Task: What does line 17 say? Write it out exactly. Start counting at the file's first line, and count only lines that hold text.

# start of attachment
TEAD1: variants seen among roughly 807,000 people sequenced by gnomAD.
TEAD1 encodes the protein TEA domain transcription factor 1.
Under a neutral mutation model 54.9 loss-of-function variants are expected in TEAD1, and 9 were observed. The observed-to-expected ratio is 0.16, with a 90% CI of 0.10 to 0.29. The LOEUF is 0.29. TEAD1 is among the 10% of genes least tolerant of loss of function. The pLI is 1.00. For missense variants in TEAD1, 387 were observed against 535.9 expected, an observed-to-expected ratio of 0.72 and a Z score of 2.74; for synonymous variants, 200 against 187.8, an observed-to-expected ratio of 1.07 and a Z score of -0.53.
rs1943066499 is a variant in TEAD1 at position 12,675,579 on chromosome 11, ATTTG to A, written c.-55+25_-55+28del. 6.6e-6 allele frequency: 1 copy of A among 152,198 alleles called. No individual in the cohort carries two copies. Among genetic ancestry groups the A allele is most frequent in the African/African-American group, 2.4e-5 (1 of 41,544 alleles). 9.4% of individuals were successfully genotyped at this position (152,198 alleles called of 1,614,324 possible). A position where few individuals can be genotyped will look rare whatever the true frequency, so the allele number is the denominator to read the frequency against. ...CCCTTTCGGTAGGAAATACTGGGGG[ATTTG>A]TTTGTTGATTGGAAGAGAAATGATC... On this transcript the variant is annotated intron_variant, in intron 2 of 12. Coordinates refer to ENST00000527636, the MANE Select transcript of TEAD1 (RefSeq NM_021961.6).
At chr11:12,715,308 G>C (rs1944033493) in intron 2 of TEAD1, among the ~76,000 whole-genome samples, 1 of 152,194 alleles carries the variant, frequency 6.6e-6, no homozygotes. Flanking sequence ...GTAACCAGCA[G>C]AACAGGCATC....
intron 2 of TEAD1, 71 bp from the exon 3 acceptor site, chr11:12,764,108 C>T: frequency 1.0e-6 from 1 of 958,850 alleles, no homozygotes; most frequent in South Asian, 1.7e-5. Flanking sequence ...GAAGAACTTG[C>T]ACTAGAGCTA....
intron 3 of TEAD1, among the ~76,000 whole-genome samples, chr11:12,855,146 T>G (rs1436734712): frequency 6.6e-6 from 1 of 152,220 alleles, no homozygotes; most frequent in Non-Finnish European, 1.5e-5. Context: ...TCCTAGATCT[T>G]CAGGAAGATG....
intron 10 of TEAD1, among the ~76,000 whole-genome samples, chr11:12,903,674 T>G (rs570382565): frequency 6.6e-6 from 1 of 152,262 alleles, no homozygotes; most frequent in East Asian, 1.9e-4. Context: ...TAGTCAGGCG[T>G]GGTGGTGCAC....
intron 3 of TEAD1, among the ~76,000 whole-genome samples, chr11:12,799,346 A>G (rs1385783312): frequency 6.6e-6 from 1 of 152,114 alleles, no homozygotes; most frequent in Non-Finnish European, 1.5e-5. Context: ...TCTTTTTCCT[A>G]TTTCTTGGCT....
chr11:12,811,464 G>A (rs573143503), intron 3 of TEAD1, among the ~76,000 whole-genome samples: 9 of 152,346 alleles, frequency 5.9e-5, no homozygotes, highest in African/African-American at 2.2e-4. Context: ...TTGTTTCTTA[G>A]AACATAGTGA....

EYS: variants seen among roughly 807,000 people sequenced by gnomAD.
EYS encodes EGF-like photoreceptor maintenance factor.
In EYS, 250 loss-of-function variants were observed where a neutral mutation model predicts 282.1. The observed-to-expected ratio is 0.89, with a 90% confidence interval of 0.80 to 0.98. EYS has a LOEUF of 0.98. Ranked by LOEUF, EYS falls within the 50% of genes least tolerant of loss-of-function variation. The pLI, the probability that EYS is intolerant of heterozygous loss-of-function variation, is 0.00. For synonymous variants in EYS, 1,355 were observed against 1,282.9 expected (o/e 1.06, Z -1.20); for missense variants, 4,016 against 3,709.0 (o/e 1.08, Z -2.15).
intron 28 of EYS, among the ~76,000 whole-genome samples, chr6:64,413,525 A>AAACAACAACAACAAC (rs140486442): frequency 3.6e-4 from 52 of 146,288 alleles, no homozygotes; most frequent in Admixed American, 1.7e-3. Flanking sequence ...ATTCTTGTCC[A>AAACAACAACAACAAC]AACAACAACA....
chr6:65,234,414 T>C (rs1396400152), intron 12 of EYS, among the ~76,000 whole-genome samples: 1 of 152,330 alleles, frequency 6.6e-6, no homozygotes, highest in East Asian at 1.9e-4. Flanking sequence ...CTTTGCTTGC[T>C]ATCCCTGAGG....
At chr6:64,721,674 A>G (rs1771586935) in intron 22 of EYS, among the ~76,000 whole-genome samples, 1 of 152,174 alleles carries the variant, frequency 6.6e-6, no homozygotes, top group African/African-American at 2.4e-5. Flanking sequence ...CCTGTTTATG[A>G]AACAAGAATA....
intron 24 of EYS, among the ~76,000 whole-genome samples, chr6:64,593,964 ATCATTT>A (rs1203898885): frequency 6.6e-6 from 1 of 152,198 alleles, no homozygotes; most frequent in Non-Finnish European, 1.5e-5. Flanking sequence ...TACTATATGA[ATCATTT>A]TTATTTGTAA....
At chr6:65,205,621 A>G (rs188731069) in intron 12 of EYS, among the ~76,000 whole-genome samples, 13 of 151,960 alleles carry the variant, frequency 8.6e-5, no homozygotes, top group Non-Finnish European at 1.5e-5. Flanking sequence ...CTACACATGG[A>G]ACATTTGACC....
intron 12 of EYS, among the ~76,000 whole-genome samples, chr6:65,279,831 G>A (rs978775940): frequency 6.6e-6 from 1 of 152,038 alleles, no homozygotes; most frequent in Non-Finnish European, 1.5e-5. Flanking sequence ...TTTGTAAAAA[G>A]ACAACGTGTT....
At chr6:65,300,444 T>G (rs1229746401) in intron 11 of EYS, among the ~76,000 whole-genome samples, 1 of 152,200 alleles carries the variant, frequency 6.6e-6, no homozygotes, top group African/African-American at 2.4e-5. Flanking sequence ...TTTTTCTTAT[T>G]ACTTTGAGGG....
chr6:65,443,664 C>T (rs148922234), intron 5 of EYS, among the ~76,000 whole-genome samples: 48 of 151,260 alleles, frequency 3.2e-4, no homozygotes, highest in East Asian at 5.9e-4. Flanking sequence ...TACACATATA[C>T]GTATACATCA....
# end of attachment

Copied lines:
intron 24 of EYS, among the ~76,000 whole-genome samples, chr6:64,593,964 ATCATTT>A (rs1203898885): frequency 6.6e-6 from 1 of 152,198 alleles, no homozygotes; most frequent in Non-Finnish European, 1.5e-5. Flanking sequence ...TACTATATGA[ATCATTT>A]TTATTTGTAA....